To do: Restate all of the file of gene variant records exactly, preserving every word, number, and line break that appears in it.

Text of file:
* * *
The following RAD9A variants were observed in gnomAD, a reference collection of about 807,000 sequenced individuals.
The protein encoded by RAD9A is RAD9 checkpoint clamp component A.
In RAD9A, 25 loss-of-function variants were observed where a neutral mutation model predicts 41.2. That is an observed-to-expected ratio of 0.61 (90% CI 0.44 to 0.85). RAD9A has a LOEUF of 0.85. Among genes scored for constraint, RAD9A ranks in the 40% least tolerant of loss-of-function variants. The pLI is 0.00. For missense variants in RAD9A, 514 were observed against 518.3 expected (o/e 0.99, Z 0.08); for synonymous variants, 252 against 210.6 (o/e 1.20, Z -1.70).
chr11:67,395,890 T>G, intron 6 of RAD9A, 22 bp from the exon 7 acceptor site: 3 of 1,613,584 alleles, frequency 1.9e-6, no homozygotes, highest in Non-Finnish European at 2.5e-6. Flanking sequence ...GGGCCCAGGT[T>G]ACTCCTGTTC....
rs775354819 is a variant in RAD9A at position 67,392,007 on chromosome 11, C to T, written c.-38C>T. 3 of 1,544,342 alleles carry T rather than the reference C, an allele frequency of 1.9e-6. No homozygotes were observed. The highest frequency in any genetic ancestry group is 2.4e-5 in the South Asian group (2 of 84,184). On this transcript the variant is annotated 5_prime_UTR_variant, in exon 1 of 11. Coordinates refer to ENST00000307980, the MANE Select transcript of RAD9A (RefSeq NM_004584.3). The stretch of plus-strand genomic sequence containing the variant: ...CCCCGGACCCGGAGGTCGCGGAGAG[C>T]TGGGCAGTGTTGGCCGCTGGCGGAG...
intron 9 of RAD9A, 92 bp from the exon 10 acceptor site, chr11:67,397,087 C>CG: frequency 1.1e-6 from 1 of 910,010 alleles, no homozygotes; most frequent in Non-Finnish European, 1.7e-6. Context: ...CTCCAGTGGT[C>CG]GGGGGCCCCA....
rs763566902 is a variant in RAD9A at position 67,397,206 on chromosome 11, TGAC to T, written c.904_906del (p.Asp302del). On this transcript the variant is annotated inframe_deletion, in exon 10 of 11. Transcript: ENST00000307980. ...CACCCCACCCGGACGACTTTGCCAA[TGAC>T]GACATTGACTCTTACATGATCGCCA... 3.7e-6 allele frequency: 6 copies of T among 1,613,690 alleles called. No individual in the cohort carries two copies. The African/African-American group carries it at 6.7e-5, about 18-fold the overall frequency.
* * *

The following RAD9A variants were observed in gnomAD, a reference collection of about 807,000 sequenced individuals.
The protein encoded by RAD9A is RAD9 checkpoint clamp component A.
In RAD9A, 25 loss-of-function variants were observed where a neutral mutation model predicts 41.2. That is an observed-to-expected ratio of 0.61 (90% CI 0.44 to 0.85). RAD9A has a LOEUF of 0.85. Among genes scored for constraint, RAD9A ranks in the 40% least tolerant of loss-of-function variants. The pLI is 0.00. For missense variants in RAD9A, 514 were observed against 518.3 expected (o/e 0.99, Z 0.08); for synonymous variants, 252 against 210.6 (o/e 1.20, Z -1.70).
chr11:67,395,890 T>G, intron 6 of RAD9A, 22 bp from the exon 7 acceptor site: 3 of 1,613,584 alleles, frequency 1.9e-6, no homozygotes, highest in Non-Finnish European at 2.5e-6. Flanking sequence ...GGGCCCAGGT[T>G]ACTCCTGTTC....
rs775354819 is a variant in RAD9A at position 67,392,007 on chromosome 11, C to T, written c.-38C>T. 3 of 1,544,342 alleles carry T rather than the reference C, an allele frequency of 1.9e-6. No homozygotes were observed. The highest frequency in any genetic ancestry group is 2.4e-5 in the South Asian group (2 of 84,184). On this transcript the variant is annotated 5_prime_UTR_variant, in exon 1 of 11. Coordinates refer to ENST00000307980, the MANE Select transcript of RAD9A (RefSeq NM_004584.3). The stretch of plus-strand genomic sequence containing the variant: ...CCCCGGACCCGGAGGTCGCGGAGAG[C>T]TGGGCAGTGTTGGCCGCTGGCGGAG...
intron 9 of RAD9A, 92 bp from the exon 10 acceptor site, chr11:67,397,087 C>CG: frequency 1.1e-6 from 1 of 910,010 alleles, no homozygotes; most frequent in Non-Finnish European, 1.7e-6. Context: ...CTCCAGTGGT[C>CG]GGGGGCCCCA....
rs763566902 is a variant in RAD9A at position 67,397,206 on chromosome 11, TGAC to T, written c.904_906del (p.Asp302del). On this transcript the variant is annotated inframe_deletion, in exon 10 of 11. Transcript: ENST00000307980. ...CACCCCACCCGGACGACTTTGCCAA[TGAC>T]GACATTGACTCTTACATGATCGCCA... 3.7e-6 allele frequency: 6 copies of T among 1,613,690 alleles called. No individual in the cohort carries two copies. The African/African-American group carries it at 6.7e-5, about 18-fold the overall frequency.